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If I have an subject under test with a timer that causes some action to be taken at a timed interval, what's a good way to test that?

One method is to wrap the timer in an interface and inject it as a dependency.

However, I'd like to avoid creating yet another abstraction. It seems I can avoid that by injecting the update interval rather than the timer. Then in my test (assuming the AAA style of testing), I put a Thread.Sleep after Act and before Assert, using a very small time value so the test doesn't take long to run.

Is that a bad idea? I know it probably doesn't fully follow the principles of TDD, but it seems like there has to be a line where you stop surrounding everything with a contract and injecting it.

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3  
"there has to be a line where you stop surrounding everything with a contract and injecting it" - Heresy, I say ;) –  500 - Internal Server Error Feb 2 '12 at 22:53
1  
Scheduling of threads in Windows is not deterministic, so doing something like this may make your test to fail at random. –  svick Feb 3 '12 at 1:53
    
@svick I'm not really trying to check anything about the scheduling of threads. Just that my timer is successfully causes a function call to happen within the expected time period + a little grace period. Would a situation like that still be vulnerable to those kind of issues? –  Jeff Bridgman Feb 3 '12 at 14:54
2  
@JeffBridgman, of course it would. For example if some high-priority process was running at the same time as your tests on the same computer. –  svick Feb 3 '12 at 18:42

2 Answers 2

up vote 4 down vote accepted

If the amount you sleep doesn't have any significance on the test and you can set i to 1 millisecond then is should be fine to simply sleep for 1 millisecond in your test.

However, if you want to test complex timing behavior with timeouts and specific actions being taken at specific points in time it quickly becomes easier to abstract the concept of time and inject it as a dependency. Then your tests can operate in virtual time and execute without delay even though the code operates as if real time was passing.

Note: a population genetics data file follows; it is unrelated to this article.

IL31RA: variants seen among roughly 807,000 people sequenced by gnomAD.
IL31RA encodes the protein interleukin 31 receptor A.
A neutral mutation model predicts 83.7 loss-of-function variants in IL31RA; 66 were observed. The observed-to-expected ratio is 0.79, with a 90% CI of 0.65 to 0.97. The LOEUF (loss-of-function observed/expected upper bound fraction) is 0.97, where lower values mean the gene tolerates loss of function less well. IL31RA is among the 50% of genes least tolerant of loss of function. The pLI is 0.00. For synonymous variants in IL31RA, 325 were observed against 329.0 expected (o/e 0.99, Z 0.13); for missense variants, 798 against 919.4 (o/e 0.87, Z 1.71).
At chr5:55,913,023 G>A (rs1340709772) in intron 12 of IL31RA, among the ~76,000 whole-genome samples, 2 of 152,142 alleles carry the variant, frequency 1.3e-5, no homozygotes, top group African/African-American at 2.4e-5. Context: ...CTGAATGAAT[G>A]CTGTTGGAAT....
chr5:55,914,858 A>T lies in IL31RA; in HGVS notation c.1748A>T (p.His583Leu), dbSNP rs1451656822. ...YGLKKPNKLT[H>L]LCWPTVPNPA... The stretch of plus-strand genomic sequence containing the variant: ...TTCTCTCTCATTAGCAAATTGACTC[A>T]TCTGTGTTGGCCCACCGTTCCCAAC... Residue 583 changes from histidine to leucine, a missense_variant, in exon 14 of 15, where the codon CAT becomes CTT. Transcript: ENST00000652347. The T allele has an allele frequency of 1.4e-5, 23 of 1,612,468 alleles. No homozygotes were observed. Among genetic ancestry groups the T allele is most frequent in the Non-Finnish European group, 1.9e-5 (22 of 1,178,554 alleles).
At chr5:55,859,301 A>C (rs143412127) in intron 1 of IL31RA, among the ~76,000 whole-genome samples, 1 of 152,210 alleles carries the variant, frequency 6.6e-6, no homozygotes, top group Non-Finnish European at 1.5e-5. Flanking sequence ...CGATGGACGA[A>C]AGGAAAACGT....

A simple way to virtualize time is to use something like this:

interface ITimeService {

  DateTime Now { get; }

  void Sleep(TimeSpan delay);

}

class TimeService : ITimeService {

  public DateTime Now { get { return DateTime.UtcNow; } }

  public void Sleep(TimeSpan delay) { Thread.Sleep(delay); }

}

class TimeServiceStub : ITimeService {

  DateTime now;

  public TimeServiceStub() {
    this.now = DateTime.UtcNow;
  }

  public DateTime Now { get { return this.now; } }

  public void Sleep(TimeSpan delay) {
    this.now += delay;
  }

}

You will have to extend this idea if you require more reactive behavior like timers firing etc.

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Dependancy injection is the way to go to completely avoid having any "test" code within your production code (such as setting the interval just for unit testing).

However, in this case, I would use the set interval code, but use it in both unit tests and production. Have production set it to whatever, and unit tests set it to a very small amount (10ms?). Then you won't have any dead code hanging around in production.

If you set the interval, I don't see why you need the Thread.Sleep? Just have your unit test block until you get the event from the subject (or continuously poll the subject). Whatever method you are using.

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I'm not quite sure how I'd code that without Thread.Sleep... I have used an AutoResetEvent before to test things, but I'm not sure how I'd do that with a mocking framework. Any examples? A code sample might help me better understand what you mean. –  Jeff Bridgman Feb 3 '12 at 14:45

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